The authors did not report a quality assessment, so it is difficult to know how reliable the results of the individual studies were. Many of the studies had designs prone to bias. Details about the comparator interventions, in the studies with control groups, were not reported. Given the heterogeneity across the studies, the limited reporting of study details and the unknown quality of the included studies, it seems inappropriate that the results were statistically synthesised, particularly for pharmacological and psychological interventions, for pathological skin-picking severity.

So I wouldn't put too much stock on it.

A more recent (2016) meta-analysis has basically the same conclusions; this one was not reviewed at CRD, but it relies basically on the same small number of studies. Its conclusions were similar to the "preliminary" one: psychotherapy seems to work better than medication based on the limited data available. It only looked at SSRIs and lamictal for medication though.

There's also a 2016 RCT on N-acetylcysteine, published in a high-impact journal, concluding:

N-acetylcysteine [NAC] treatment resulted in significant reductions in skin-picking symptoms and was well tolerated.

The result was fairly unsurprising given that NAC was previously found effective for trichotillomania (TTM -- hair pulling) as well; both studies with NAC were conducted by the same research group. But there were a few more interesting comments on those papers:

In striking contrast with what we know about OCD, SSRIs have not been proved to be superior to placebo in TTM treatment. As for ED, the evidence regarding the efficacy of SSRIs is still scarce. So far, there are no US Food and Drug Administration–approved treatments for ED and TTM. The divergent results of the trials testing either SSRIs or NAC for ED/TTM and OCD suggest that treatments may not be used interchangeably between OCD and related disorders.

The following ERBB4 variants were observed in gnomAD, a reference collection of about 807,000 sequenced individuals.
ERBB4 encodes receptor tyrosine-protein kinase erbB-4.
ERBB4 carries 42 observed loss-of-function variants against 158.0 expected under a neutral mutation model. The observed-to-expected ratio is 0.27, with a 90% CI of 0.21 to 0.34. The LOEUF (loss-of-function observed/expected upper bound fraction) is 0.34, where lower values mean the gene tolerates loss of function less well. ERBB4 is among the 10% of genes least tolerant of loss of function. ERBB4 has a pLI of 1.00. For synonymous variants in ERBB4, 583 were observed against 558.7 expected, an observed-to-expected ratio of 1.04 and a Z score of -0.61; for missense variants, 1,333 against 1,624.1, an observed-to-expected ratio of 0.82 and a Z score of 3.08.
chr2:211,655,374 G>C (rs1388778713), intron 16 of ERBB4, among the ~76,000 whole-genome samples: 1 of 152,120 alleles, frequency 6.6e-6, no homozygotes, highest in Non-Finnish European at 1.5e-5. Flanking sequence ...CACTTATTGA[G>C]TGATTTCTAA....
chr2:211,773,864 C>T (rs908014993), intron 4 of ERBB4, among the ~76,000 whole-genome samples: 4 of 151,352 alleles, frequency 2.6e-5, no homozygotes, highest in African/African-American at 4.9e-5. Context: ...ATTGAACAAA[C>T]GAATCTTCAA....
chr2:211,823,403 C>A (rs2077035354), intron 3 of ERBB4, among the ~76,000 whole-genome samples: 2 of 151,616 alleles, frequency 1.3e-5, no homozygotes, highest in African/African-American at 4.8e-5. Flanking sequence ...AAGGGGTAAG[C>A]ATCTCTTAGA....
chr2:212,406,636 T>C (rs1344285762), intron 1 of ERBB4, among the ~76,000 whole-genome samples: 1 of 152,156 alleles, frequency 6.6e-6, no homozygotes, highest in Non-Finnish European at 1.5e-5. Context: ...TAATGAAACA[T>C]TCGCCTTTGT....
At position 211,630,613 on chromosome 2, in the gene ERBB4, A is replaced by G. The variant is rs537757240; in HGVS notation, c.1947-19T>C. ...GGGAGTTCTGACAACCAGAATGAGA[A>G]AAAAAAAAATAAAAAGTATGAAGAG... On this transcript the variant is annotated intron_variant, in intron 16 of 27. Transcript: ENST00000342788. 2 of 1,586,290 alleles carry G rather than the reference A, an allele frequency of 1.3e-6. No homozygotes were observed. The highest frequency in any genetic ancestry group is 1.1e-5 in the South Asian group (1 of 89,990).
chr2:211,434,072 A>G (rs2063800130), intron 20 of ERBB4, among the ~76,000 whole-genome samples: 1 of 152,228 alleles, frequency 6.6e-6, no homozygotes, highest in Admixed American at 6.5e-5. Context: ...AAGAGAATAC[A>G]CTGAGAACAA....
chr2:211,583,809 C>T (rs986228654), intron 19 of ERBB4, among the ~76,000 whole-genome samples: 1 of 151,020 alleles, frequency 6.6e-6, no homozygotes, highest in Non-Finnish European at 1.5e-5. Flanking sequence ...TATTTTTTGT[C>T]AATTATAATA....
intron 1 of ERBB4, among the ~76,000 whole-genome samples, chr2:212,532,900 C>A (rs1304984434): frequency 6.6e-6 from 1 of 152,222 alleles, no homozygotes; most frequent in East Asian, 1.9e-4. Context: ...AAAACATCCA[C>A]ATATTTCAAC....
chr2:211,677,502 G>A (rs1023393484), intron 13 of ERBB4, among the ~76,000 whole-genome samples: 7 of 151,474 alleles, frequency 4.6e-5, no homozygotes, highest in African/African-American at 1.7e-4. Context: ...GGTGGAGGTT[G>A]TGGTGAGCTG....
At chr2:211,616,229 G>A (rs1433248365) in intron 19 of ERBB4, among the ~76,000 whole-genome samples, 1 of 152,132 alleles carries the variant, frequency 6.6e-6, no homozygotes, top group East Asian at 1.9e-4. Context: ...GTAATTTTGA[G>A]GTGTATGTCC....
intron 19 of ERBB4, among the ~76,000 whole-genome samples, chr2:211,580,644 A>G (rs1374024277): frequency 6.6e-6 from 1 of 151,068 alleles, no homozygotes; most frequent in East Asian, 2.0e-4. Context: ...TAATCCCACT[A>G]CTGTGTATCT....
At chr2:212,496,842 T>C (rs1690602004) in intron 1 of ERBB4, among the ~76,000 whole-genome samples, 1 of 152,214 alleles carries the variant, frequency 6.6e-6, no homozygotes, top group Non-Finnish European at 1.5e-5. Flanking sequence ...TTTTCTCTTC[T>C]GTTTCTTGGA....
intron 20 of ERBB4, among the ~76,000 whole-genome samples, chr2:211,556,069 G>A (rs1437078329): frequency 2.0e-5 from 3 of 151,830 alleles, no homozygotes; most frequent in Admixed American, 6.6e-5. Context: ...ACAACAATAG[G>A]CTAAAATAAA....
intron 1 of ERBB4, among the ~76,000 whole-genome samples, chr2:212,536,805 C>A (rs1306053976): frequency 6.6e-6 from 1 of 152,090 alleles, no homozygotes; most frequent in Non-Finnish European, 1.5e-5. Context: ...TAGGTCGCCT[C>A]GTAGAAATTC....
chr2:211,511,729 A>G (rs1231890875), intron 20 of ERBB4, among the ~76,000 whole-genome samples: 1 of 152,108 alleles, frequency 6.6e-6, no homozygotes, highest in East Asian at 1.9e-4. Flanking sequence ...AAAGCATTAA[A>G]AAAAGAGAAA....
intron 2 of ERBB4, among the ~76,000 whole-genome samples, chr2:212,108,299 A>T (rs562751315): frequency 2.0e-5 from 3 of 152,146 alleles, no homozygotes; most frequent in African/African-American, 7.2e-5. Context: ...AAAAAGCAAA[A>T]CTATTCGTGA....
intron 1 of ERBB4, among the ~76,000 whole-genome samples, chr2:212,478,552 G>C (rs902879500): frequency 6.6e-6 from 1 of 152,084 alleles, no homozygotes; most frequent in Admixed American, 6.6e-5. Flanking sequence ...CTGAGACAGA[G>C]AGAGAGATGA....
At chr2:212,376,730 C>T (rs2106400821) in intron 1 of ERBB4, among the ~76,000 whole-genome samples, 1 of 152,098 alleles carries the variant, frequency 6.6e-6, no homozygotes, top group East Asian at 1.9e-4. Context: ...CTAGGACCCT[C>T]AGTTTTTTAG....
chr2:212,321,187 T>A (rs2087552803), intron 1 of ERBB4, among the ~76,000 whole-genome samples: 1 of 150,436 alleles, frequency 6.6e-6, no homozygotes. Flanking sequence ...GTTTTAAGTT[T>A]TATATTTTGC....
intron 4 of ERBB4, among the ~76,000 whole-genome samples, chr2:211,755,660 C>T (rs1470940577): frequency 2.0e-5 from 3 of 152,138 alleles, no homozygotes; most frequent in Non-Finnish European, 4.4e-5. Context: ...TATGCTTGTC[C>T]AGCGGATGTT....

In addition, results from genetic studies also suggest that the neurobiology of pathological grooming may not be necessarily related to OCD. It had been demonstrated that Sapap3 knockout mice groomed themselves excessively. However, using family-based association analyses, Bienvenu et al found that variation within the human equivalent of the Sapap3 gene appeared associated with ED/TTM, but not with OCD. The conflicting results regarding the efficacy of NAC for ED/TTM and OCD, in addition to the findings of translational studies, suggest that the neural basis of repetitive behaviors observed in patients with these disorders might not be the same. So far, similarities between ED/TTM and OCD do not seem to go beyond the characterization by repetitive behaviors and some degree of familial aggregation.

(But note that this last statement appears somewhat incorrect in view of the 2017 neuroimaging study--some overlap with OCD seems to exist after all.)

NHS Choices also has consumer-oriented page on "Skin picking disorder " which doesn't say much I haven't told you already except for some behavioral tips. YMMV.

$\endgroup$

Your Answer

By clicking “Post Your Answer”, you agree to our terms of service, privacy policy and cookie policy

Not the answer you're looking for? Browse other questions tagged or ask your own question.